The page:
I have a headache => I take a paracetamol => my headache goes away => so the cause of my headache was lack of paracetamol. Yes?

Errr .. No!

There are many contributory causes of chronically chaotic queues and lack of capacity is not one of them because the queue is chronic.  What actually happens is that something else triggers the onset of chaos which then consumes the very resource we require to avoid the chaos.  And once we slip into this trap we cannot escape!  The chaos-perpretuating behaviour we observe is called fire-fighting and the necessary resource it consumes is called resilience.


Six months ago, the Primary Care MDT believed that the cause of their chronic appointment booking chaos was a mismatch between demand and capacity – i.e. too much patient demand for the appointment capacity available.  So, there was a very reasonable resistance to the idea of making the appointment booking process easier for patients – they justifiably feared being overwhelmed by a tsunami of unmet need!

Six months on, the Primary Care MDT understand what actually causes chronic queues and that awareness has been achieved by a step-by-step process of explanation and experimentation in the relative safety of the weekly design sessions.

We played simulation games – lots of them.

One particularly memorable “Ah Ha!” moment happened when we played the Carveout Game which is done using dice, tiddly-winks, paper and coloured-pens.  No computers.  No statistics.  No queue theory gobbledygook.  No smoke-and-mirrors.  No magic.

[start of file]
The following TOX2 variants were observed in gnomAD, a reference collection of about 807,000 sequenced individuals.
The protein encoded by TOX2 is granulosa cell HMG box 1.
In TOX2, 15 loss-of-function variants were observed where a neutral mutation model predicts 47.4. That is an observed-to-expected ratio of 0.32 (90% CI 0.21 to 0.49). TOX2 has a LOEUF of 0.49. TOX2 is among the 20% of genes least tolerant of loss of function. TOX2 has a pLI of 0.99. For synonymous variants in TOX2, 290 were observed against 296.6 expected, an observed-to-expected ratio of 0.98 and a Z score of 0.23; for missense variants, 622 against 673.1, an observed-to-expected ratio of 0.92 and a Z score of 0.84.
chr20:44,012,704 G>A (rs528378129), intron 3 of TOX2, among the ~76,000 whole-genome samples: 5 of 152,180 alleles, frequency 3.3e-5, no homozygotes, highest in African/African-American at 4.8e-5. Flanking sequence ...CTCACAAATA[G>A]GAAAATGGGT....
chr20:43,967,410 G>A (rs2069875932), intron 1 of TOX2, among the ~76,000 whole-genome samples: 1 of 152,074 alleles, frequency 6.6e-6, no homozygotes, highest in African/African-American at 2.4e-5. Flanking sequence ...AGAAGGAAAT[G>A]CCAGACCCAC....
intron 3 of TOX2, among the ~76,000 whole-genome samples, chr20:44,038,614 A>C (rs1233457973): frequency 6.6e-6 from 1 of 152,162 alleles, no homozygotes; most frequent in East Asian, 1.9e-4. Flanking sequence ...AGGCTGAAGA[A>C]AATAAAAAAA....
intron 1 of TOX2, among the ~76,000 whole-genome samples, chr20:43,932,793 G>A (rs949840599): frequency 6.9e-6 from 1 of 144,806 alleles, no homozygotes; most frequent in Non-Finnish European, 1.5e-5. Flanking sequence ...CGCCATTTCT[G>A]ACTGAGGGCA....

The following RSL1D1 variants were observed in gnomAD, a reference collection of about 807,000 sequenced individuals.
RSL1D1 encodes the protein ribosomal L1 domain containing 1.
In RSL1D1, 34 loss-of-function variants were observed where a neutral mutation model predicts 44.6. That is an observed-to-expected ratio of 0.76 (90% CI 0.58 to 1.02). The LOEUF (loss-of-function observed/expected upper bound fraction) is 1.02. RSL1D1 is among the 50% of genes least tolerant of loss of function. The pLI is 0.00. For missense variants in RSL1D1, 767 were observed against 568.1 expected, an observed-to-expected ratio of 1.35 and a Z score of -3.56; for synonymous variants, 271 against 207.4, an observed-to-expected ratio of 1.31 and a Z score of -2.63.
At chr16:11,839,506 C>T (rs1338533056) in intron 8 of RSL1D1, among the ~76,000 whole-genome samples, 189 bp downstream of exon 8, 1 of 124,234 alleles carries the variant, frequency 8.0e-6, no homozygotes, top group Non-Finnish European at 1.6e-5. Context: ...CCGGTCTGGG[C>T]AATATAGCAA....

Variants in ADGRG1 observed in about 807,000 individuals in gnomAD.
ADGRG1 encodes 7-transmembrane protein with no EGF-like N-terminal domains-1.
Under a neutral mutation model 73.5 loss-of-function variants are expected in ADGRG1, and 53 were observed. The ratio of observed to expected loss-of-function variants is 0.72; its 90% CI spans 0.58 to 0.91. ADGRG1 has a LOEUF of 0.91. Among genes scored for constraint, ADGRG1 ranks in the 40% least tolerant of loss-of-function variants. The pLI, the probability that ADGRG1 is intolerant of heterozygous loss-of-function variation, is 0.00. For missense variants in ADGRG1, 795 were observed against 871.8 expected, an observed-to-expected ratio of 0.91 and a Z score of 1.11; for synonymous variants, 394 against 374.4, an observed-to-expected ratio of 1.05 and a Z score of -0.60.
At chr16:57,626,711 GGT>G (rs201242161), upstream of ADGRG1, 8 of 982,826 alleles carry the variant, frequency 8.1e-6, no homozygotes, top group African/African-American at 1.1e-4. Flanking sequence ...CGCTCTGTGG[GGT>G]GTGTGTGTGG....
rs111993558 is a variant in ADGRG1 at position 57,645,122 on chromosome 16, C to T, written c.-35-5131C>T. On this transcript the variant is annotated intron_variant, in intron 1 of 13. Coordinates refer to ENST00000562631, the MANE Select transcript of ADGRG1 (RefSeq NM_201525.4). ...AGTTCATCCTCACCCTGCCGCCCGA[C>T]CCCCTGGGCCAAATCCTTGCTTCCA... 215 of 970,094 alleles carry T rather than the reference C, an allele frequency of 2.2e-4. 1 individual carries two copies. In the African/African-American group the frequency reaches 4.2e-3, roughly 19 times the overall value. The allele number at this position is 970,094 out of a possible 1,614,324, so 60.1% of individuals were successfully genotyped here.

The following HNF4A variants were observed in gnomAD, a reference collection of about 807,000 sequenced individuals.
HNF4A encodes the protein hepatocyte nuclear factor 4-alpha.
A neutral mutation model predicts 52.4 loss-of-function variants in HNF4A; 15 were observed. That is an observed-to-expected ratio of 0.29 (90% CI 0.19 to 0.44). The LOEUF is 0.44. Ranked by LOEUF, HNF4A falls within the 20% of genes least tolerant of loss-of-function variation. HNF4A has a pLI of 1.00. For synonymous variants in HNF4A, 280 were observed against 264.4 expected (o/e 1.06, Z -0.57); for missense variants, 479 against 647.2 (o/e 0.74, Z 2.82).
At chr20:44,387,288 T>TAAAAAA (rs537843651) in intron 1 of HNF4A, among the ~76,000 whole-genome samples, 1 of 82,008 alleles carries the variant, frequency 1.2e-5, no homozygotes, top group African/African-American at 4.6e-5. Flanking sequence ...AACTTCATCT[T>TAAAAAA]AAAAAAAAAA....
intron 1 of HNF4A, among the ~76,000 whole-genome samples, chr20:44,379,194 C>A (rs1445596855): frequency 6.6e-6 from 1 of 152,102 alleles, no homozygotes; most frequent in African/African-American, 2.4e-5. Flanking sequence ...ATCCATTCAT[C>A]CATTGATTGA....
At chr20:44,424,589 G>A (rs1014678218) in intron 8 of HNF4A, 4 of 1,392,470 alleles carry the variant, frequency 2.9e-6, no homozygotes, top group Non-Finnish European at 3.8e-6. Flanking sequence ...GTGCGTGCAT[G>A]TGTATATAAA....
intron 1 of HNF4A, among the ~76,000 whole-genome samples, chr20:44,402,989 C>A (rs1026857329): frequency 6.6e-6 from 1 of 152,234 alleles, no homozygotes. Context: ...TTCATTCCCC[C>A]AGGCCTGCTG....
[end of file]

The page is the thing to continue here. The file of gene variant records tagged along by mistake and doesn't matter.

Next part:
What the Carveout Game demonstrates, practically and visually, is that an easy way to trigger the transition from calm-efficiency to chaotic-ineffectiveness is … to impose a carveout policy on a system that has been designed to achieve optimum efficiency by using averages.  Boom!  We slip on the twin banana skins of the Flaw-of-Averages and Sub-Optimisation, slide off the performance cliff, and career down the rocky slope of Chronic Chaos into the Depths of Despair – from which we cannot then escape.

This visual demonstration was a cognitive turning point for the MDT.  They now believed that there is a rational science to improvement and from there we were on the step-by-step climb to building the necessary embedded capability.


It now felt like the team were pulling what they needed to know.  I was no longer pushing.  We had flipped from push-to-pull.  That is called the tipping point.

And that is how health care systems engineering (HCSE) works.


Health care is a complex adaptive system, and what a health care systems engineer actually “designs” is a context-sensitive  incubator that nurtures the seeds of innovation that already exist in the system and encourages them to germinate, grow and become strong enough to establish themselves.

That is called “embedded improvement-by-design capability“.

And each incubator need to be different – because each system is different.  One-solution-fits-all-problems does not work here just as it does not in medicine.  Each patient is both similar and unique.


Just as in medicine, first we need to diagnose the actual cause;  second we need to design some effective solutions; third we need to decide which design to implement and fourth we need to deliver it.

But the how-to-do-it feels a bit counter-intuitive, and if it were not we would already be doing it. But the good news is that anyone can learn how to do HCSE.